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Mercedes Benz Stadium, the first LEED Platinum football stadium in the USA, hosted 60 Marietta Middle School students for the stadium’s first sustainability tour in which the students learned about the venue’s greenness. In conjunction with the tour, Atlanta United’s players helped educate students about sustainable food choices, healthy eating and the environmental impact of locally sourced foods, followed by a taste test competition. Here Atlanta United goalkeeper Alec Kann serves up some of the tasty dish he cooked up (Photo credit: Atlanta United)

 

GSB: That’s important work. How did you communicate the Greener Goals expansion to MLS fans? Did you air PSAs in stadium and/or on TV broadcasts?

JoAnn: Social media was big for us — Facebook and Twitter in particular. Our Greener Goals messaging focuses on what MLS and our clubs are doing in or near the stadiums and in the communities that our teams play. Our Greener Goals PSAs focus on what we’re doing in or near the stadiums from an environmental perspective.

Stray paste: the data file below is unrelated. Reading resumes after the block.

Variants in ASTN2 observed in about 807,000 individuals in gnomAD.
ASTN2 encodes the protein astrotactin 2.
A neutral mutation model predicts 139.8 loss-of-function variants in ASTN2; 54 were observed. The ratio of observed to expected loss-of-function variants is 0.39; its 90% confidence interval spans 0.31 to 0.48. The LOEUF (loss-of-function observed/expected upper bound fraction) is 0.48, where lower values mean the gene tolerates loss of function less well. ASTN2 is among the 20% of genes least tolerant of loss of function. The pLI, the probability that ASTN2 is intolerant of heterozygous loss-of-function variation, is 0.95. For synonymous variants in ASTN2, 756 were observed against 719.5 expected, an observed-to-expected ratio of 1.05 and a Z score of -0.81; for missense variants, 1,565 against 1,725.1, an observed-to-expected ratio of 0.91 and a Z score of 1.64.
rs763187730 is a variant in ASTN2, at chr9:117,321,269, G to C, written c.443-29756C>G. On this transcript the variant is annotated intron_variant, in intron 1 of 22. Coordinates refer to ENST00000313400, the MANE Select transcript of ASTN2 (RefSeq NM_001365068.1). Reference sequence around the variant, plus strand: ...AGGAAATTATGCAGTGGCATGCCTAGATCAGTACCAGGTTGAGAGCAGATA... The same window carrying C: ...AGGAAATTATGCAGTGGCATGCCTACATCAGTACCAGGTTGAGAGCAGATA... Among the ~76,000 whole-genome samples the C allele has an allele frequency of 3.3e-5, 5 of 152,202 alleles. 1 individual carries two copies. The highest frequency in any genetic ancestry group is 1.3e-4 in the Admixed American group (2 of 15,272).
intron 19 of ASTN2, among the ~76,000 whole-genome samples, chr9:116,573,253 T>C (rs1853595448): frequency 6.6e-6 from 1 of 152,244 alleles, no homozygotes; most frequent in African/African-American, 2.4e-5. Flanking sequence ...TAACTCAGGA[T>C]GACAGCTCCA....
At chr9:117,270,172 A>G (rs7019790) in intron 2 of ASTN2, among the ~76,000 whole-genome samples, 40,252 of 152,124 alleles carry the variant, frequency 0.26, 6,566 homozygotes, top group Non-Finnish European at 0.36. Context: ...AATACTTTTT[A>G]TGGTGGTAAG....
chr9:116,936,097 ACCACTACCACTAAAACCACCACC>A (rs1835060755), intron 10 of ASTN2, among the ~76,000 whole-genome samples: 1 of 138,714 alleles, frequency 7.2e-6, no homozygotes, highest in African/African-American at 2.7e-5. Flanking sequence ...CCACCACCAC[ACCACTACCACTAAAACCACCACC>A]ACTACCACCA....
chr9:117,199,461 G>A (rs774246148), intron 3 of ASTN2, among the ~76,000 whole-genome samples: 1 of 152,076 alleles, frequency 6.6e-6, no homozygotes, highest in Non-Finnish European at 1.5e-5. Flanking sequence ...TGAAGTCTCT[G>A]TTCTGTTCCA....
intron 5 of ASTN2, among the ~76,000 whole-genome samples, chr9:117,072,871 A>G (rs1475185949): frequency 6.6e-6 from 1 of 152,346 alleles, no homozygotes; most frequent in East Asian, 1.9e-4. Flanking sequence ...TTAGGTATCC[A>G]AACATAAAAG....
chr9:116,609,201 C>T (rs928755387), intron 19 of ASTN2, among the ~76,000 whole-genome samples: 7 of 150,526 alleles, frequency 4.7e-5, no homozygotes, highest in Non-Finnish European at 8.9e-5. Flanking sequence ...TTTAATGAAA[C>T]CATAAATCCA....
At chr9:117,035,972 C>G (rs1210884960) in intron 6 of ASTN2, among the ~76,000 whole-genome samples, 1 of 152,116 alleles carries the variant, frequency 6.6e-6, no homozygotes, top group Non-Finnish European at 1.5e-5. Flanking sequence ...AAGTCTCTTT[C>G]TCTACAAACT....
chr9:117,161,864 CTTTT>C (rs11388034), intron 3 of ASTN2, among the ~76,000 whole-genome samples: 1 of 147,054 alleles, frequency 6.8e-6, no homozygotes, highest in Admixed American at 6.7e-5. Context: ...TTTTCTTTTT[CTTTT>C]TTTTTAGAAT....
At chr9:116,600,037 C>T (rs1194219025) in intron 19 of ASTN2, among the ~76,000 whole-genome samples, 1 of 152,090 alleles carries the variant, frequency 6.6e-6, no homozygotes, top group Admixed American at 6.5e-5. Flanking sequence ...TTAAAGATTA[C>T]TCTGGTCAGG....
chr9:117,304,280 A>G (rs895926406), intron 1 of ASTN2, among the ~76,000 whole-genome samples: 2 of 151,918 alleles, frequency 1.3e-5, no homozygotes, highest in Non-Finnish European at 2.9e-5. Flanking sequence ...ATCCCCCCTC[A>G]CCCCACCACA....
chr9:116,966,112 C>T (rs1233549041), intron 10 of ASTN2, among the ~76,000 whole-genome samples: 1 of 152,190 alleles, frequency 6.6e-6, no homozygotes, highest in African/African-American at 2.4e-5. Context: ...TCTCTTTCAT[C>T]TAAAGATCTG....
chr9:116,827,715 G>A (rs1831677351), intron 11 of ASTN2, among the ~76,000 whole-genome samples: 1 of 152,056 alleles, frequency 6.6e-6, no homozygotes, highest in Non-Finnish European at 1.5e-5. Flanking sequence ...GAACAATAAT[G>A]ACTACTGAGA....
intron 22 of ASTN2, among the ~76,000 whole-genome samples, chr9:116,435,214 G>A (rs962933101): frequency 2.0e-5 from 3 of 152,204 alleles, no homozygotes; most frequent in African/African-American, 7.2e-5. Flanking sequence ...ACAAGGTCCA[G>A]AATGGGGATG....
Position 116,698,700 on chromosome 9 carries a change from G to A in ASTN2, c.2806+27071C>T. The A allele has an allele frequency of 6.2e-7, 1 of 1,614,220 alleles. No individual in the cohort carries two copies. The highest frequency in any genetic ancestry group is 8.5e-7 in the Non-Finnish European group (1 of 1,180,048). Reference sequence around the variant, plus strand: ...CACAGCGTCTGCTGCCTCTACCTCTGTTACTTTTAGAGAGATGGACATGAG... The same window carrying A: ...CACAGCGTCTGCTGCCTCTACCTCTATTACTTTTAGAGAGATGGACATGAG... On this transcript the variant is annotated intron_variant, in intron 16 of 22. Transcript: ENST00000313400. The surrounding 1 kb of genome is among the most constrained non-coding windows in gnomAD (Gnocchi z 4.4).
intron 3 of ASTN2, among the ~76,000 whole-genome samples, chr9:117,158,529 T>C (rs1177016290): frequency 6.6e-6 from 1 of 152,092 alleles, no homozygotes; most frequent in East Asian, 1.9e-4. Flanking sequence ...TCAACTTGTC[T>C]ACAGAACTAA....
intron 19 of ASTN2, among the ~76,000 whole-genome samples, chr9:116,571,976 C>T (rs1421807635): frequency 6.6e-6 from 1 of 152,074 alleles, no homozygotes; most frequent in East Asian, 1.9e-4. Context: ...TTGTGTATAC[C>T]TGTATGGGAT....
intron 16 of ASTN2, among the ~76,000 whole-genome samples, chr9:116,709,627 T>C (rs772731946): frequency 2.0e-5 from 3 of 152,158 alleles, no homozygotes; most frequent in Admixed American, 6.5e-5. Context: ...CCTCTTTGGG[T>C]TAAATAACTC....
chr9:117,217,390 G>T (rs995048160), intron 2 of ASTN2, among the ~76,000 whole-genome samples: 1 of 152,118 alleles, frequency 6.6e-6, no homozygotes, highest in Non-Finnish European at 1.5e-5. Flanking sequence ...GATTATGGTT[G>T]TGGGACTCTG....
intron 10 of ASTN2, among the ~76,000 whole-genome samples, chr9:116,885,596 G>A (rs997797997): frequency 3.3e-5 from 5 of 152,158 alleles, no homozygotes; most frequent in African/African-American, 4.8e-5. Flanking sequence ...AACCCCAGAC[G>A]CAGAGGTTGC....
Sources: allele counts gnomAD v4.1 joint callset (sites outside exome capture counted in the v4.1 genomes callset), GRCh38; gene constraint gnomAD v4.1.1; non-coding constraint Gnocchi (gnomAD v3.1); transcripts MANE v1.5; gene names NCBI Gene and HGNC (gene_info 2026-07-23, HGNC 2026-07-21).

GSB: Really? I think the carbon-offsets-cookstoves project would make for a great PSA. Beyond the offsets, how else has MLS expanded Greener Goals?

JoAnn: All 24 MLS clubs wore special adidas-Parley eco-friendly kits over Earth Day weekend. These innovative uniforms are made with Climalite technology and built of technical yarns created with Parley Ocean Plastic™, made from up-cycled marine plastic waste, as a part of the global adidas x Parley initiative. The collaboration with adidas to support Parley for the Oceans also serves to encourage fans to decrease their use of single-use plastics and reinforcing the importance of changing human attitude and behavior towards plastic pollution.

 

Parley Timbers

The Portland Timbers version of the adidas Parley for the Oceans eco-friendly jerseys worn by all MLS players over Earth Day weekend (Photo credit: MLS)

 

GSB: Love that program — but why only use the Parley uniforms during Earth Week? Couldn’t all teams use Parley unis all the time?

JoAnn: Great question, Lew. We’re exploring that option.

GSB: Good to hear. I have one last question: Does MLS include climate change in its Greener Goals messaging?

JoAnn: Not yet. MLS does not want to get into a political debate on climate change. Rather, we want to focus our efforts on improving lives by reducing greenhouse gas emissions, increasing recycling, and more.